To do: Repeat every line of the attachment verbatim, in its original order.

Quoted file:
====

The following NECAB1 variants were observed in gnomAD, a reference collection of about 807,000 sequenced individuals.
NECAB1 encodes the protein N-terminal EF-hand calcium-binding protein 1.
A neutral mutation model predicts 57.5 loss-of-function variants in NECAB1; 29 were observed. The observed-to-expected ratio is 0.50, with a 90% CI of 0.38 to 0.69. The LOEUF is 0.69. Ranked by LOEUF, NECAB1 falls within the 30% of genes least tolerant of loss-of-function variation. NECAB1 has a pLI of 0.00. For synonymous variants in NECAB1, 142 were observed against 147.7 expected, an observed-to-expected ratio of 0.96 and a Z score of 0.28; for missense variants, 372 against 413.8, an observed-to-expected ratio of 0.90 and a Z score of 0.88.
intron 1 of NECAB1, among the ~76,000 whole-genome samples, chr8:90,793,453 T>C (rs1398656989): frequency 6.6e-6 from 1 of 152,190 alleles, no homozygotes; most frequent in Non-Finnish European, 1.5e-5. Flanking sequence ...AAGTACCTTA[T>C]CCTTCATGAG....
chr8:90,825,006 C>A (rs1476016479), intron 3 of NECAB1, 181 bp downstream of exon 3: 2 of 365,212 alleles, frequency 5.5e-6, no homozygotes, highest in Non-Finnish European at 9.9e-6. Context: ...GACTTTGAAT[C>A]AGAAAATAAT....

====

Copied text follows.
The following NECAB1 variants were observed in gnomAD, a reference collection of about 807,000 sequenced individuals.
NECAB1 encodes the protein N-terminal EF-hand calcium-binding protein 1.
A neutral mutation model predicts 57.5 loss-of-function variants in NECAB1; 29 were observed. The observed-to-expected ratio is 0.50, with a 90% CI of 0.38 to 0.69. The LOEUF is 0.69. Ranked by LOEUF, NECAB1 falls within the 30% of genes least tolerant of loss-of-function variation. NECAB1 has a pLI of 0.00. For synonymous variants in NECAB1, 142 were observed against 147.7 expected, an observed-to-expected ratio of 0.96 and a Z score of 0.28; for missense variants, 372 against 413.8, an observed-to-expected ratio of 0.90 and a Z score of 0.88.
intron 1 of NECAB1, among the ~76,000 whole-genome samples, chr8:90,793,453 T>C (rs1398656989): frequency 6.6e-6 from 1 of 152,190 alleles, no homozygotes; most frequent in Non-Finnish European, 1.5e-5. Flanking sequence ...AAGTACCTTA[T>C]CCTTCATGAG....
chr8:90,825,006 C>A (rs1476016479), intron 3 of NECAB1, 181 bp downstream of exon 3: 2 of 365,212 alleles, frequency 5.5e-6, no homozygotes, highest in Non-Finnish European at 9.9e-6. Context: ...GACTTTGAAT[C>A]AGAAAATAAT....